1] Using an electric hand whisk beat the Vitalite for 2-3 minutes until pale and fluffy. Sift in half of the icing sugar and stir in with a spatula until roughly combined. Do this rather than jump straight in with the whisk or you'll have an icing sugar cloud floating in your kitchen!*
2] Sift in the remainder of the icing sugar and roughly combine. Add the milk and the extract then whisk for 4-5 minutes. The general idea is to make the frosting as light as possible, hence the compulsive whisking.**
3] Get a spoon and have a taste! Most of my frostings need a bit of tinkering here and there. A little more icing sugar if it's too lemony; a bit more mint extract if it's not minty enough. Always try it as everybody's taste is different. Once you are happy with it grab your pallet knife and schmear on that frosting like there is no tomorrow.
*Flavourings such as cocoa powder, natural extracts, sherbets are best added at this stage
**It is worth noting that any 'lumpy' flavourings (IE lemon zest or coconut) are best stirred in at the last minute with a pallet knife or metal spoon, as they tend to just attach themselves to the whisk blades.
Monday, 19 April 2010
Rocky Road is a dessert with its roots in American history. Originally made as an ice cream during the Great Depression in the 1920s & 30s, its appeal has lasted nearly a century. In this post I'm going to walk you through making the Rocky Road Slab.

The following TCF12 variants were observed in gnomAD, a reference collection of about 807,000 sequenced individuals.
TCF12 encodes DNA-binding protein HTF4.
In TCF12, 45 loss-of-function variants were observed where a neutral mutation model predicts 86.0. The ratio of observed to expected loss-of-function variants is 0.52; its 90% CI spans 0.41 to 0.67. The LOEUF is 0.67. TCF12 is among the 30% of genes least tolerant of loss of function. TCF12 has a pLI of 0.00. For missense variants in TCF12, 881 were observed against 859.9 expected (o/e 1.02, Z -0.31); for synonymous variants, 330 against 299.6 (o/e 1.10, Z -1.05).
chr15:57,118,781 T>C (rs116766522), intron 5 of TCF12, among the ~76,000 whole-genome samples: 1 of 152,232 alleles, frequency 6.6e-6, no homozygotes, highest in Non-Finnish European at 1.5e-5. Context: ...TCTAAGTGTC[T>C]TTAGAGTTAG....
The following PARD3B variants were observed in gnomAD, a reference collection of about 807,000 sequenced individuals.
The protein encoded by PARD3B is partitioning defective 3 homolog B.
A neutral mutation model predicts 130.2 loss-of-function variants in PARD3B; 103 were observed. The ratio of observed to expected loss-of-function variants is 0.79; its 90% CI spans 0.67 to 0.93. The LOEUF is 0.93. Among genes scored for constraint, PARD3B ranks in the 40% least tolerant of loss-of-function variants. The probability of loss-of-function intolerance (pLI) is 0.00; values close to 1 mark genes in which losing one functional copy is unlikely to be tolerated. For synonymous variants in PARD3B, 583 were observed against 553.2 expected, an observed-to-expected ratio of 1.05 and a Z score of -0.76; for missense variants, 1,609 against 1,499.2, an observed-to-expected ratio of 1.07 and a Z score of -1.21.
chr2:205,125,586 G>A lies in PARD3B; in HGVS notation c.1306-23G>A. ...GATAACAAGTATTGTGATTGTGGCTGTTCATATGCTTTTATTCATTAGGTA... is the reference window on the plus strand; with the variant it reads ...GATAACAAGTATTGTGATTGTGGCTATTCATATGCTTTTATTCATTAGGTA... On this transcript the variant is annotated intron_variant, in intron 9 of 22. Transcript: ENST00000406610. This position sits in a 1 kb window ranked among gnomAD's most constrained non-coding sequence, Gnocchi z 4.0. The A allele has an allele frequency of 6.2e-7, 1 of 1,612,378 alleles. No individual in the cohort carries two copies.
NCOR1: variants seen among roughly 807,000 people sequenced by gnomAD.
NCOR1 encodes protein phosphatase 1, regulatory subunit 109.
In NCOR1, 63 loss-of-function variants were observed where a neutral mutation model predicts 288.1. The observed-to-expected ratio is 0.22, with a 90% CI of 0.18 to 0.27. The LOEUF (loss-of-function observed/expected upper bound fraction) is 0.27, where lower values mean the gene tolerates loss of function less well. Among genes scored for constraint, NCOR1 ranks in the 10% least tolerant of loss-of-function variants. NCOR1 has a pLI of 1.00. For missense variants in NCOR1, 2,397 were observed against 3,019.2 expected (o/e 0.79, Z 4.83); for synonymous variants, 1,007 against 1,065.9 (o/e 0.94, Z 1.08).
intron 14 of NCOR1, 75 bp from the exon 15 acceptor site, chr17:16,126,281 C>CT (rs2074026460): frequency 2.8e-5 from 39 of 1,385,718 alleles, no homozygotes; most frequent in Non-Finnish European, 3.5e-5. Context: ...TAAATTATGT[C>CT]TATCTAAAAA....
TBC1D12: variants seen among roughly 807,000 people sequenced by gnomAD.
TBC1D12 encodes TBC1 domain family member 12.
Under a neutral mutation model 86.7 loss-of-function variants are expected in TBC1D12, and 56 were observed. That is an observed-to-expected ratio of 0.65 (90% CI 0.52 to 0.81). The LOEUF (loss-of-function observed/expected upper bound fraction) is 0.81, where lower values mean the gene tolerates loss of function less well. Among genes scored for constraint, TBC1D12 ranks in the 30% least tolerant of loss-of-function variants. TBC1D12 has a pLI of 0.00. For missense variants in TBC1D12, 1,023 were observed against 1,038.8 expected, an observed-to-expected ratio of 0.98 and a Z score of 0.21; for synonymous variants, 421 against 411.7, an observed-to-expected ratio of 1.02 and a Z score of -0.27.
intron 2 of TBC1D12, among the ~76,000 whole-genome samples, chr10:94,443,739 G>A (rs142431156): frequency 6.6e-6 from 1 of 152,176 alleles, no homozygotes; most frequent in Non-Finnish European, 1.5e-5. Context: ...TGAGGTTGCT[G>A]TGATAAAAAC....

This is one of the easiest, yet most decadent recipes you will ever come across. I can clear off a tray of it on my own, although I wouldn't recommend it (unless you want to start haemorrhaging sugar).
The good thing about rocky road is how versatile it is. All the 'rocks' are completely interchangeable. For vegans, marshmallows can be substituted for jelly tots, glacé or dried fruits, more nuts or coconut, to name but a few. Crystallized ginger is a good one to add if you want a bit of a kick to it, and the fieriness cuts right through the sickly sweet of the chocolate.
So here is the recipe I work from:
400g /14oz /2 & 1/2 cups Plain or Dark Chocolate
175g /6oz / 3/4 cup Vitalite (or alternative)
4 tbsp Golden Syrup
200g /7oz /1 & 3/4 cups Broken Digestive Biscuits
150g /5oz / 1 cup Broken Brazil or Walnuts
100g /4oz / 1/2 cup Roughly Chopped Glacé Cherries
100g /4oz / 2 cups Marshmallows
You will also need some freezer/strong food bags, rolling pin, BIG pan, wooden spoon & roasting tray.
1] First, lightly grease your roasting tin as this is where your Rocky Road is going to set.
2] Now for the fun part. Weigh out your biscuits and place them in a freezer bag, tie the bag up and then get a firm grip on your rolling pin. Right, now go to town on the bags. Work out any anger issues you have by beating the biscuits into a fine mess of crumbs and chunks. Don't go too wild though, if you need to beat stuff to within an inch of its biscuity life then I suggest you see a professional. Now repeat this process with your nuts of choice.
3] Once you've done that, roughly chop the glacé cherries and weigh out the mallows so they are ready to use when you need them.